In April 2019, Mayor Bill de Blasio instituted a straw ban in New York City (with a few exceptions). That same month, somewhere across the city, friends Anthony Barresi and Dave Sedacca were wondering why there was still no eco-friendly, functional, single-use straw on the market — eventually leading them to invent gluten-free pasta straws.
“We were sitting in my apartment one night, we were drinking a couple cocktails, as all good creative stories typically start, and I had paper straws. And we were just fed up with them, because they absolutely suck,” Barresi recalls in an exclusive interview with Green Matters.
“I’m Italian, and my family has made pasta as a family tradition for years. So I looked at Dave and said, ‘What if we made these out of pasta?’ and we just started laughing,” he says. “And that was when we had our lightbulb moment.”
Pasta Life’s gluten-free pasta straws came to life pretty quickly.
Of course, reusable straws — or simply forgoing straws entirely — are more sustainable than single-use straws, no matter what they’re made of. But with more and more cities banning straws, there was a need for a single-use straw that was more than just “a better version of the paper straw,” Barresi tells us.
“Literally the next day, [Sedacca] came back to my apartment, we took out the pasta machine, and we started pumping out longer versions of rigatoni,” Barresi says. Their original prototype contained gluten, but soon after, Barresi and Sedacca decided they wanted to make their pasta straws gluten free (as well as vegan), so that more people could use them.
They started making straws out of rice flour (along with tapioca starch), which is not only an uncommon allergy, but also helped the straw stand up better to liquids, making it last longer than a gluten pasta straw or paper straw.
In September 2019, just five months after their original aha moment, Barresi and Sedacca officially launched their company, Pasta Life.
Pasta Life now sells its taste-free straws in eight colors, each of which is dyed naturally with plants — katuk is used to make green, turmeric to make yellow, carrot for orange, beetroot for pink, magenta leaves for magenta, black sesame for grey, butterfly pea flower for blue, and no dye is used to make the white straws — available online via the company’s website, Amazon, and Walmart. They come packaged in a recyclable cardboard box, and can optionally be purchased individually wrapped in recyclable paper.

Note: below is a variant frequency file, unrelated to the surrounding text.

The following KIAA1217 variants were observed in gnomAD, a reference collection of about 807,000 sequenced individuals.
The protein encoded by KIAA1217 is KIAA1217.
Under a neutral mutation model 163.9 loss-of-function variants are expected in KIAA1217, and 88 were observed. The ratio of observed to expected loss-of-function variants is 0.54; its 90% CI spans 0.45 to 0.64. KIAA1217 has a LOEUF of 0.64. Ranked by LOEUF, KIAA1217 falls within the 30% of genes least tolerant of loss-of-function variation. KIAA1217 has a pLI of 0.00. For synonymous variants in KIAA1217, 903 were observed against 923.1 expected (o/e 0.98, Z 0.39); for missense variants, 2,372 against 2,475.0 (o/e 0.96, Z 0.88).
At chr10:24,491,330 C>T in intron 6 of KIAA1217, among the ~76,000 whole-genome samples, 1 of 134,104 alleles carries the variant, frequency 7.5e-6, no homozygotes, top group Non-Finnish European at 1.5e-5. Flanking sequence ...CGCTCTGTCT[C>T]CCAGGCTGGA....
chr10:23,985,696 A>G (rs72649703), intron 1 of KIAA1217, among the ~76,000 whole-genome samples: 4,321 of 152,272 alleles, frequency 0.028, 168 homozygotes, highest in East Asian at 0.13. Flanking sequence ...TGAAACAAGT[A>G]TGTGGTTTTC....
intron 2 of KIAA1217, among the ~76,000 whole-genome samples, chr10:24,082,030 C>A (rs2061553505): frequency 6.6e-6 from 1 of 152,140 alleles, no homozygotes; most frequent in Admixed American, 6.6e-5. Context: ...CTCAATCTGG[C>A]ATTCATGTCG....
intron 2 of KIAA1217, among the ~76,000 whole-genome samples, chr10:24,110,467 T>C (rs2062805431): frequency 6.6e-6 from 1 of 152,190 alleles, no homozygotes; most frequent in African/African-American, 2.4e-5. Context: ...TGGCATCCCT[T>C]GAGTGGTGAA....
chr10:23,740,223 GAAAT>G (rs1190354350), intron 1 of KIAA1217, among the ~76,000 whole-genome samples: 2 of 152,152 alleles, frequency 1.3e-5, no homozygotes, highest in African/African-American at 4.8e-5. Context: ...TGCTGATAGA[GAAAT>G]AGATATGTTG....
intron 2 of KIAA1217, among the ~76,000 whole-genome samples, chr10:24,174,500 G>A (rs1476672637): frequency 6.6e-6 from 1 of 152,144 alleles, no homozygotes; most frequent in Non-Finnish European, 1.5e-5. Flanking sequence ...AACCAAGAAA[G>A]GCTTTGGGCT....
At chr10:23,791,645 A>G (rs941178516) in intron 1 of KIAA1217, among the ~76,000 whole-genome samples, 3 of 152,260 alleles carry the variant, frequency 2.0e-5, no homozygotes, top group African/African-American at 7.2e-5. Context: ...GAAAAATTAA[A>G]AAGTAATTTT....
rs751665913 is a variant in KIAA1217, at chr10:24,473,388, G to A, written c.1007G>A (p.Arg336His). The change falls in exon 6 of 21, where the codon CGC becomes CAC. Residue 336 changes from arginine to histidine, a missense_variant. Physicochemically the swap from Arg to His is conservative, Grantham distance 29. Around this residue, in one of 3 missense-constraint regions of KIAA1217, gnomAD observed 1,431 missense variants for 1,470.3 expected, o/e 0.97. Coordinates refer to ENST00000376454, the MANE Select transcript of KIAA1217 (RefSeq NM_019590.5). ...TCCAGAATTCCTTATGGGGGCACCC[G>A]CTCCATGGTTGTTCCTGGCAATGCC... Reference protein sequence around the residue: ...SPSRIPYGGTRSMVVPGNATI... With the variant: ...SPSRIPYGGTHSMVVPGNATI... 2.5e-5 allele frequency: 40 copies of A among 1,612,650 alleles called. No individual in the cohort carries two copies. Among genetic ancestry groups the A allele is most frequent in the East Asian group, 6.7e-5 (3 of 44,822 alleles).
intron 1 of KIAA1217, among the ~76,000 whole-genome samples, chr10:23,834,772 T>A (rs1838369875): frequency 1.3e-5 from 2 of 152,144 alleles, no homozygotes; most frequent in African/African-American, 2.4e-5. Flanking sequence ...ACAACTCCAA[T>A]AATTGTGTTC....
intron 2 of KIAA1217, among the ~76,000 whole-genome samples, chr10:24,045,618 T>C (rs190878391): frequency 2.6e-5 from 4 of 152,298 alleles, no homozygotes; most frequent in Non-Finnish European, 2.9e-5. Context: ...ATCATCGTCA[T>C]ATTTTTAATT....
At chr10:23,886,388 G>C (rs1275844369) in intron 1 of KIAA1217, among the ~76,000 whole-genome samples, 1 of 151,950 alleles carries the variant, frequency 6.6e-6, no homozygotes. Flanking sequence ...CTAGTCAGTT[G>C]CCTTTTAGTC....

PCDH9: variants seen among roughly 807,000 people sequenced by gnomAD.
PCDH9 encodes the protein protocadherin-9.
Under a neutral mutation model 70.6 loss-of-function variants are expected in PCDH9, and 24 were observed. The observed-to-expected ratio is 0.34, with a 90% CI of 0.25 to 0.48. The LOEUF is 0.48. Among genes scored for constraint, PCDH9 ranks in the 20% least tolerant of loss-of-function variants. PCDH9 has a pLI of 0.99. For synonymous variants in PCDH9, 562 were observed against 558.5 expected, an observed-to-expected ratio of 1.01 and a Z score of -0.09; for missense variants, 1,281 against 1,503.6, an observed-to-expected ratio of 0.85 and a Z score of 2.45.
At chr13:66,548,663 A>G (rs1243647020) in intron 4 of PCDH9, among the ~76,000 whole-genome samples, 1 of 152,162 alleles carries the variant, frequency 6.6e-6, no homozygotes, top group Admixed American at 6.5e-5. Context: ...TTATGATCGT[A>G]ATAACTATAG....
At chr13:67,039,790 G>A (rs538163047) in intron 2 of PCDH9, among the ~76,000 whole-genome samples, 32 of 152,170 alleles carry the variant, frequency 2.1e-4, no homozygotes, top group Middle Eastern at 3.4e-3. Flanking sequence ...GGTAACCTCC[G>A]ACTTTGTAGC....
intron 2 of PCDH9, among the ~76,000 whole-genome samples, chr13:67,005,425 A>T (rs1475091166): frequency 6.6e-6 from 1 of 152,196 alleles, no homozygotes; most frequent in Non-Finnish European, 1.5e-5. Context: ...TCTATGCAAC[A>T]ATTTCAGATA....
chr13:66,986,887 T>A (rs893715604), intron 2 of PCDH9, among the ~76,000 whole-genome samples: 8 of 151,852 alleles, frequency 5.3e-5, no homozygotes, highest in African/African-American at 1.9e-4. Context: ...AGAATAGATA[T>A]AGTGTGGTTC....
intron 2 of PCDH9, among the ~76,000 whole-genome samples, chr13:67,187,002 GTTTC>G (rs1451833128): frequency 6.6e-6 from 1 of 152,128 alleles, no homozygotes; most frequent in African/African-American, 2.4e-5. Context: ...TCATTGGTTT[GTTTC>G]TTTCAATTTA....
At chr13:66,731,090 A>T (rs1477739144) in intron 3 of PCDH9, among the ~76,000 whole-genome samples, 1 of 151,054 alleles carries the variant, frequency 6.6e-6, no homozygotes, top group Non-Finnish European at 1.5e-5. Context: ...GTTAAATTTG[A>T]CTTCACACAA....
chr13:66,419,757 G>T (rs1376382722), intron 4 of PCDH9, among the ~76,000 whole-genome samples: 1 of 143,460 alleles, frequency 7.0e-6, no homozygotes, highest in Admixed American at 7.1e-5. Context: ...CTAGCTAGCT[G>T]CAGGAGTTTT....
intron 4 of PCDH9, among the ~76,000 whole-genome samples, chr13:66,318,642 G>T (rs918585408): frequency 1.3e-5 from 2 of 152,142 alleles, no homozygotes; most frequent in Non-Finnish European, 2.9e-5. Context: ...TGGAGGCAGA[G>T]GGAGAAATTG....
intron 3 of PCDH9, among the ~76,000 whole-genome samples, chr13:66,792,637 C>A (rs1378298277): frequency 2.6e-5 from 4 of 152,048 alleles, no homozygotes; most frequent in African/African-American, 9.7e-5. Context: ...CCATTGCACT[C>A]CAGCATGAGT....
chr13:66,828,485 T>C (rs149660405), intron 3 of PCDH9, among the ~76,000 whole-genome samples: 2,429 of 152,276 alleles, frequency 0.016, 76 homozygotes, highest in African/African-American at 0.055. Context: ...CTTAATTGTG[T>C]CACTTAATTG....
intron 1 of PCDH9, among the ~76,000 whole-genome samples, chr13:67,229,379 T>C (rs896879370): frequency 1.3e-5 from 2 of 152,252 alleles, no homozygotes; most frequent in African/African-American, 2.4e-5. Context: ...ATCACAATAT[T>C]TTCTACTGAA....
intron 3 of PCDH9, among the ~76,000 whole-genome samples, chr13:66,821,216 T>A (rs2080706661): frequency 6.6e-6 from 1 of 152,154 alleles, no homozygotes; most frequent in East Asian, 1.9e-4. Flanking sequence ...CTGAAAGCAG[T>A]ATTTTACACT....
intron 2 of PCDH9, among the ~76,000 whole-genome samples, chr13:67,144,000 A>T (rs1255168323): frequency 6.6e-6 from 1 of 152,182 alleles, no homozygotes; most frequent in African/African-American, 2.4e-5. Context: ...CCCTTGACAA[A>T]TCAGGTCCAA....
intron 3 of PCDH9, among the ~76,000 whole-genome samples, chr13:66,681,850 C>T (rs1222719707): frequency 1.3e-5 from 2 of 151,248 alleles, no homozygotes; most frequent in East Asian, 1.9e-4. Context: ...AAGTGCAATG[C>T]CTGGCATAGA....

Pasta Life’s straws are produced at a factory in Southeast Asia, and the rice is grown nearby, meaning they have to travel quite the distance to get to the U.S. The founders declined to share any details about the factory where their straws are produced.
How to dispose of pasta straws
When asked about the most sustainable way to dispose of Pasta Life straws after use, Barresi immediately tells us, “You can eat it.”
“From an FDA standpoint, we say it’s a drinking device,” Sedacca adds. “However, it is edible at the end of the day.”
That’s right — whether it’s the soggy part that’s been sitting in your drink for an hour or the top crunchy part, it’s technically edible, and both founders eat every Pasta Life straw they use. The Pasta Life straws are also completely compostable.
Over the past few years, the whole straw conversation has become pretty saturated (no pun intended). Numerous alternatives to single-use plastic straws have emerged, including reusable versions (like stainless steel, glass, bamboo and silicone), as well as single-use versions that are more practical for restaurants and bars (like paper or bioplastic).
But at the same time, many have called out the anti-straw movement for being ableist against those who require plastic straws to drink; additionally, many environmentalists have criticized straw bans as low-hanging fruit, because single-use plastic straws are such a small part of the single-use plastic crisis. (In fact, most ocean plastic comes from the fishing industry.)
So with all that dominating the straw conversation, why build their business around straws? “Straws are a stepping stone for us. This is something that got us our aha moment and we’ve been able to build community around that,” Sedacca says.
“Pasta is family to us. Pasta is what brings people together,” Barresi says. “So if we can start the conversation around straws and tackle that first, build that sense of community, and then go on to other sustainability issues ... that’s extremely important to us.”
Pasta Life is already developing cutlery made from pasta, and the company hopes to create things like plates and cups in the future. “We didn’t name our company ‘Pasta Straws’ because we just wanted to be a straw brand. We called it Pasta Life, because it’s more of a lifestyle,” Barresi explains.
In addition to expanding its product offerings, Pasta Life has partnered with nonprofit organization Oceanic Global to organize beach cleanups (something that the company had planned to start much sooner, but things were delayed due to the coronavirus pandemic). Their first cleanup event will take place in Montauk on July 17, 2021.